This church is the result of the merger of two active churches, Canterbury and Mountain Brook Methodist churches. The latter was organized in 1912 as Crestline Community Church, and within the year a sanctuary was erected on Church Street in Crestline Heights. In 1942, a renovation greatly improved the building and the name changed to Mountain Brook Methodist Church. That building is now Steeple Arts. In 1948, under the encouragement of membership of both churches, a new church was formed. The site selected was formerly a cow pasture of Bearden Dairy. The first service in this new church was Oct. 12, 1952 with 900 members. Today the church has grown by many stages and membership is over 4,300."
|After crossing Mountain Brook Parkway, you will find a stone bridge. Here's some pictures of the bridge and the creek that crosses beneath it.|
|Crossing the stone bridge you will take the soft trail to the left. The trail is a well-kept gravel trail that is easy to walk. This trail is part of the walking trails in Jemison Park. Upon reaching Beechwood Road you will take a left and cross a second stone bridge. Here's some pictures of the bridge and the creek that crosses beneath it|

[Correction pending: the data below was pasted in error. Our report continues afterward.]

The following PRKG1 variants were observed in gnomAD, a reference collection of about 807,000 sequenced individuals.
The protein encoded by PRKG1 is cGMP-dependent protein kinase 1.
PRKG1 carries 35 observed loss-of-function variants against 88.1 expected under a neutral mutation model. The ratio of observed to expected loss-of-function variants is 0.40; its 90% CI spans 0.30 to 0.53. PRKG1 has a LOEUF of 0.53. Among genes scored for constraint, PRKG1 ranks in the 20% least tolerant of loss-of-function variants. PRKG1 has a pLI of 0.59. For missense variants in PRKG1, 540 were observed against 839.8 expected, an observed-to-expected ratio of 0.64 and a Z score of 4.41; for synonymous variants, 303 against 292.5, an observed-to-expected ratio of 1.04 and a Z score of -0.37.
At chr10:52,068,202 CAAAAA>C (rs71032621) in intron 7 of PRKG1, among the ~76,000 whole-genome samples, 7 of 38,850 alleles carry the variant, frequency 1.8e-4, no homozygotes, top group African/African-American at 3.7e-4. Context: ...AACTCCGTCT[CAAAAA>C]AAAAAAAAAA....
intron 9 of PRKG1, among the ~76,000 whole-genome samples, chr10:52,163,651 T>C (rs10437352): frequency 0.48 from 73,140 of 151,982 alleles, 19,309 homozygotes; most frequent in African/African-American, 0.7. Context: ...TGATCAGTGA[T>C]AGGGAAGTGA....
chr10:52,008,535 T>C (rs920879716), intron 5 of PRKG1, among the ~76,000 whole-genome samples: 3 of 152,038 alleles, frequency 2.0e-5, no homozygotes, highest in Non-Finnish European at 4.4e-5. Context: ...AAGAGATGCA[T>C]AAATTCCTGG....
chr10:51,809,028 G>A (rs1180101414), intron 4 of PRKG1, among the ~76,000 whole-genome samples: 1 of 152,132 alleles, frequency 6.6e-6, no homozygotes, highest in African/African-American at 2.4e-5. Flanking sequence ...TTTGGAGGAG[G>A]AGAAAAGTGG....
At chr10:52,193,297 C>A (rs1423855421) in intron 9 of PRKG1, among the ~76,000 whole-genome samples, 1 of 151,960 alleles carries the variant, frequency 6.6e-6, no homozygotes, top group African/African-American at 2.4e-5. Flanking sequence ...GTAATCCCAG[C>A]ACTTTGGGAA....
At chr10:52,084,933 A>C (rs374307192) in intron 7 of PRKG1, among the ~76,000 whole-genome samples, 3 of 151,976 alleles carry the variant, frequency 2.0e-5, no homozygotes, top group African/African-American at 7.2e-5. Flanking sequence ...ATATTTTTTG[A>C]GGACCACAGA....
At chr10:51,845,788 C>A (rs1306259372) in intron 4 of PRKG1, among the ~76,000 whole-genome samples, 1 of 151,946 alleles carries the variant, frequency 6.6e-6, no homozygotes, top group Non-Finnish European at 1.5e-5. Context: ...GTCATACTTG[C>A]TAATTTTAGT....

|About a mile after crossing the second stone bridge you will come upon St. Luke Episcopal church.|
Down the street from St. Luke's you will reenter Crestline Village. The end is in sight. Here's some pictures of city hall.
From the historical marker, "In 1821 the first settlers came to this area, later called Waddell. Large numbers of people first migrated here in 1863 with the construction of the Irondale Furnace. Destroyed in the Civil War, the furnace was rebuilt and operated from 1867 to 1873. The first school was established in 1857 and the first church in 1867. The area later became known for its many dairies. In 1926 Robert Jemison, Jr. began development of modern day Mountain Brook, which became one of the most beautiful residential cities in America. The city, incorporated in 1942, with Charles F. Zukoskie, Jr. as its first mayor, now encompasses 12 square miles."